Beccy Speight, chief executive at the RSPB says: “These league tables make for difficult reading. But we don’t have to continue like this. For the UK they set the scene for the scale of the task before us. Over the coming weeks and months, we have the opportunity to make a strong statement that we should have the best, not the most impoverished, wildlife on our continent or amongst the G7.
“Next year the UK will play a leading role in developing a new set of global targets to restore nature and revive our world. In order to play that role, we need an honest assessment that recognises we need to do much more at home. We have binding targets enshrined in law to tackle the climate emergency, but none, yet, to reverse the crisis facing nature. We must end burning on vital peat bogs and begin investing in win-win nature-based solutions to the climate crisis as well as rewarding farmers and other landowners for playing a vital role in helping to address the nature and climate crises. Science-based analysis like this and the RSPB’s Lost Decade for Nature underline that we must make urgent progress if we are to avoid being in the same position in 2030 with our natural world vanishing due to inaction.”
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Notes to editors
*The BII is produced as part of PREDICTS project, led by the Natural History Museum which has produced the biggest global database of how local ecological communities have been affected by human impacts. Using a wide evidence base to analyse how local terrestrial biodiversity responds to land use and related pressures, researchers are able to estimate biodiversity losses across space and time. Small differences in estimated BII between countries should not be overinterpreted.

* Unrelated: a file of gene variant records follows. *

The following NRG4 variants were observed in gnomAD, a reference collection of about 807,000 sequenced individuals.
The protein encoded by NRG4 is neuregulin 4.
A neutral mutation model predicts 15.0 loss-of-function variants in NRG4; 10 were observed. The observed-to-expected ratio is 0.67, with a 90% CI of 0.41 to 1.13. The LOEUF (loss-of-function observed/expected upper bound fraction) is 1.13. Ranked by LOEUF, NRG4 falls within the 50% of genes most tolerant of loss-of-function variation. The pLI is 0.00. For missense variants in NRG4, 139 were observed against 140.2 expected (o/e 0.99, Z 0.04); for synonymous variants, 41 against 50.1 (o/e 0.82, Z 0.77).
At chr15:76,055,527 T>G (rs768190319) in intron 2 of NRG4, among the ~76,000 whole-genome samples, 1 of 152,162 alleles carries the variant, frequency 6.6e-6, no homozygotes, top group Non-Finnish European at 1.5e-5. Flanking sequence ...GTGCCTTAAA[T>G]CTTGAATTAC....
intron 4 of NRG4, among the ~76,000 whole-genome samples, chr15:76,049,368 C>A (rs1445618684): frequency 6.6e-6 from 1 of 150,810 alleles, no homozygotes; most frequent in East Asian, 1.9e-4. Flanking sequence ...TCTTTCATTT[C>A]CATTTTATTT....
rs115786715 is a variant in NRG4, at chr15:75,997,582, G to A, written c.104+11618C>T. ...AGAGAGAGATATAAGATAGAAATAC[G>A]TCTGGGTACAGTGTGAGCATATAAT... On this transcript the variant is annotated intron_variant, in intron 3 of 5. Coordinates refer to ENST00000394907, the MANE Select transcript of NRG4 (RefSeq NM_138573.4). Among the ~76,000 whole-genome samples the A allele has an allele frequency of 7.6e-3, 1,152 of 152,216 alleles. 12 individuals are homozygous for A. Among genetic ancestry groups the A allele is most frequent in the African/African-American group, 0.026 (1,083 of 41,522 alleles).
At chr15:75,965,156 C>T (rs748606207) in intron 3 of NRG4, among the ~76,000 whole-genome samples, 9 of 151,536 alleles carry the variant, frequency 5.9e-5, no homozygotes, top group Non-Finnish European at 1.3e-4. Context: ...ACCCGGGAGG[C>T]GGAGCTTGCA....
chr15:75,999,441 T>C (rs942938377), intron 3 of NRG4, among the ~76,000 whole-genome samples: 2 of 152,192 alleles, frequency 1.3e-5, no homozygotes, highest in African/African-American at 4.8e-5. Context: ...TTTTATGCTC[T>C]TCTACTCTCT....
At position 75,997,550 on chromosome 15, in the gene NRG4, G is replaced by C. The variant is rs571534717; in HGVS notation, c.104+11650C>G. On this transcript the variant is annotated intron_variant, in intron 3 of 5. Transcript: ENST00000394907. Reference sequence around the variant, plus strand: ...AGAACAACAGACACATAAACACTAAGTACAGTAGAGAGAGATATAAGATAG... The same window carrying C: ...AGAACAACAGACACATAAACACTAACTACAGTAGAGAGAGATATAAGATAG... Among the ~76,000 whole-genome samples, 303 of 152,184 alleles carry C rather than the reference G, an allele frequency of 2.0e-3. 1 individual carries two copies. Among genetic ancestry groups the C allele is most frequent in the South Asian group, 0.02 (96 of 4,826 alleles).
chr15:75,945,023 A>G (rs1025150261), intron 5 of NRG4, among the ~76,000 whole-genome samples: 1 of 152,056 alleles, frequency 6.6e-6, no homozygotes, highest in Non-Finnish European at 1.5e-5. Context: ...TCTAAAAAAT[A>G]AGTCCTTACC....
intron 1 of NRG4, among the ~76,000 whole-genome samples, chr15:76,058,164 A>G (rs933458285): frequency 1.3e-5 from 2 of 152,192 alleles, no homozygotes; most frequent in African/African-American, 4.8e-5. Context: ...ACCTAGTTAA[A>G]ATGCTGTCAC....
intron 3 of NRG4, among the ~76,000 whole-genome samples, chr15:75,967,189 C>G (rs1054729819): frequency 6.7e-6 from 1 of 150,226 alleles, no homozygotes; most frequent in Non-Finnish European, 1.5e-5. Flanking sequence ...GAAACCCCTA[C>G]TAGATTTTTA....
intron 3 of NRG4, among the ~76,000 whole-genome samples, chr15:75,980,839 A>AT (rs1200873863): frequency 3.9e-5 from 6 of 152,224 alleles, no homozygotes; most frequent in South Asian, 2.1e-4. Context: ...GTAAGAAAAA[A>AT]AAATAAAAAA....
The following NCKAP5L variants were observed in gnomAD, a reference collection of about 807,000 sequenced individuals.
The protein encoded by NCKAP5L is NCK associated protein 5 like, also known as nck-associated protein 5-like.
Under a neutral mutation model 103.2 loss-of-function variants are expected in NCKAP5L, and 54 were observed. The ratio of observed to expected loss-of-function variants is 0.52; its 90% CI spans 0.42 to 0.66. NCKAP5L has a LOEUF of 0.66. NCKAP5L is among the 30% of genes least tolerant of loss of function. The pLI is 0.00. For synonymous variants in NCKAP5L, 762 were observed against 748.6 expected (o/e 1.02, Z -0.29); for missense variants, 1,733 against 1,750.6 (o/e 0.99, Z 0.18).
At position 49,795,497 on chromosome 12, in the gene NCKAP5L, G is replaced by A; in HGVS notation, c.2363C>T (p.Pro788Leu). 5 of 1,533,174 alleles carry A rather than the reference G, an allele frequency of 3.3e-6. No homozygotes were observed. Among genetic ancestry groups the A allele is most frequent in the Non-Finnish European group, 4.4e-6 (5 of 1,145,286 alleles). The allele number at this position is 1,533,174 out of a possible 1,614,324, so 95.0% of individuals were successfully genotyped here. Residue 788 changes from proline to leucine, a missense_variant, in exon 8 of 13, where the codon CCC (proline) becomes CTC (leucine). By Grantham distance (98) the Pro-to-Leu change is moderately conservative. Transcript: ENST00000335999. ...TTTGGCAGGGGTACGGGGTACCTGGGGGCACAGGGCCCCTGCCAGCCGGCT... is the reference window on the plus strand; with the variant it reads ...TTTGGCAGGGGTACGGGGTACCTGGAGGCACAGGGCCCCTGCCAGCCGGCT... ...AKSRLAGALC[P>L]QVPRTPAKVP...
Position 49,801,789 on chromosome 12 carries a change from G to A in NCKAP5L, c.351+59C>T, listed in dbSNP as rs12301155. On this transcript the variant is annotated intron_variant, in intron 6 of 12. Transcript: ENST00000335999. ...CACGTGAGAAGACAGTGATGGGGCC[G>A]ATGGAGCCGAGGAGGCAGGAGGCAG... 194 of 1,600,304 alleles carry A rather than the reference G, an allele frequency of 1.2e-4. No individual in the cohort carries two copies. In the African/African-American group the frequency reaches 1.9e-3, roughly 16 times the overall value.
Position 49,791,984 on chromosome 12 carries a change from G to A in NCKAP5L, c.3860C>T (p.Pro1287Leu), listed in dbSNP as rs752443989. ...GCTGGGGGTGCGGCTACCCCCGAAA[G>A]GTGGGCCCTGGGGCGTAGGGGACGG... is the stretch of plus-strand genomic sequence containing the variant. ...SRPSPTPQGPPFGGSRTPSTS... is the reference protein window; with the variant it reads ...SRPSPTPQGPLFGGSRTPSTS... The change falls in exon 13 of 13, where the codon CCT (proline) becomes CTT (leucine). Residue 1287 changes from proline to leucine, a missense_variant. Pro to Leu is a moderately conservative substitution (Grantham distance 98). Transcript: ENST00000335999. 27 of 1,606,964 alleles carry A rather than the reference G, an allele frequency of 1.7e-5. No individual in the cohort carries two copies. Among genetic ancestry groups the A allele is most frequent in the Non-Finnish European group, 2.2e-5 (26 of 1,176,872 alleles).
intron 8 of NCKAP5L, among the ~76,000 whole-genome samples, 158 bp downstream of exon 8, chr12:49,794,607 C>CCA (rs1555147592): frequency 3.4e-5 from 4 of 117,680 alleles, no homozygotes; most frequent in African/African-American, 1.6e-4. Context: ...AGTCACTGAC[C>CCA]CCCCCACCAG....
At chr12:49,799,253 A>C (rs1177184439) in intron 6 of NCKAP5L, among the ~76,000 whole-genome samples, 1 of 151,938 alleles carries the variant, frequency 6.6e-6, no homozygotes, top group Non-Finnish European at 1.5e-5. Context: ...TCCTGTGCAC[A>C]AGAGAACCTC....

About the Natural History Museum:
The Natural History Museum is both a world-leading science research centre and the most-visited natural history museum in Europe. With a vision of a future in which both people and
the planet thrive, it is uniquely positioned to be a powerful champion for balancing humanity’s needs with those of the natural world.
It is custodian of one of the world’s most important scientific collections comprising over 80 million specimens. The scale of this collection enables researchers from all over the world to document how species have and continue to respond to environmental changes - which is vital in helping predict what might happen in the future and informing future policies and plans to help the planet.
The Museum’s 300 scientists continue to represent one of the largest groups in the world studying and enabling research into every aspect of the natural world. Their science is contributing critical data to help the global fight to save the future of the planet from the major threats of climate change and biodiversity loss through to finding solutions such as the sustainable extraction of natural resources.
The Museum uses its enormous global reach and influence to meet its mission to create advocates for the planet - to inform, inspire and empower everyone to make a difference for nature. We welcome over five million visitors each year; our digital output reaches hundreds of thousands of people in over 200 countries each month and our touring exhibitions have been seen by around 30 million people in the last 10 years.